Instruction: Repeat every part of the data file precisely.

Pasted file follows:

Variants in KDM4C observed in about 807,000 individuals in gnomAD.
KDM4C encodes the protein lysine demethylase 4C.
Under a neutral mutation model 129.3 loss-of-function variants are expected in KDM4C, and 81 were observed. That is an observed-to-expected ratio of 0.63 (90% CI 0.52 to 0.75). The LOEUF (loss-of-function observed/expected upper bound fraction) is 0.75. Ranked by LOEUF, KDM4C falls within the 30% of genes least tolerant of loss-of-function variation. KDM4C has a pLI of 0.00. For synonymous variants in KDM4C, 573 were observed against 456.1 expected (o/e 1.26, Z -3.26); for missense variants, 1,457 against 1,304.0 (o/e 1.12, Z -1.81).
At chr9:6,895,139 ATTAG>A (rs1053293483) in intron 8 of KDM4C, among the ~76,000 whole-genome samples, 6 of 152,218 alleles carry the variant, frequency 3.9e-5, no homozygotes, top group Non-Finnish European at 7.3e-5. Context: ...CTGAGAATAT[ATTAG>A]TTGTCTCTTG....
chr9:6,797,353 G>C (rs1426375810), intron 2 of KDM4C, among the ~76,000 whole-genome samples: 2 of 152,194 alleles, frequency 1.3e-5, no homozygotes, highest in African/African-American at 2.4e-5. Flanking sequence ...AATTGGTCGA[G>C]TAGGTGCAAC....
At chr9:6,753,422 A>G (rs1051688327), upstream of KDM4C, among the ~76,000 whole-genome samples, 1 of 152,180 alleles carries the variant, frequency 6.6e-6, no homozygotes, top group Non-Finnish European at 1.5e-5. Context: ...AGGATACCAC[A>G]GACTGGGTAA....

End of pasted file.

Variants in KDM4C observed in about 807,000 individuals in gnomAD.
KDM4C encodes the protein lysine demethylase 4C.
Under a neutral mutation model 129.3 loss-of-function variants are expected in KDM4C, and 81 were observed. That is an observed-to-expected ratio of 0.63 (90% CI 0.52 to 0.75). The LOEUF (loss-of-function observed/expected upper bound fraction) is 0.75. Ranked by LOEUF, KDM4C falls within the 30% of genes least tolerant of loss-of-function variation. KDM4C has a pLI of 0.00. For synonymous variants in KDM4C, 573 were observed against 456.1 expected (o/e 1.26, Z -3.26); for missense variants, 1,457 against 1,304.0 (o/e 1.12, Z -1.81).
At chr9:6,895,139 ATTAG>A (rs1053293483) in intron 8 of KDM4C, among the ~76,000 whole-genome samples, 6 of 152,218 alleles carry the variant, frequency 3.9e-5, no homozygotes, top group Non-Finnish European at 7.3e-5. Context: ...CTGAGAATAT[ATTAG>A]TTGTCTCTTG....
chr9:6,797,353 G>C (rs1426375810), intron 2 of KDM4C, among the ~76,000 whole-genome samples: 2 of 152,194 alleles, frequency 1.3e-5, no homozygotes, highest in African/African-American at 2.4e-5. Flanking sequence ...AATTGGTCGA[G>C]TAGGTGCAAC....
At chr9:6,753,422 A>G (rs1051688327), upstream of KDM4C, among the ~76,000 whole-genome samples, 1 of 152,180 alleles carries the variant, frequency 6.6e-6, no homozygotes, top group Non-Finnish European at 1.5e-5. Context: ...AGGATACCAC[A>G]GACTGGGTAA....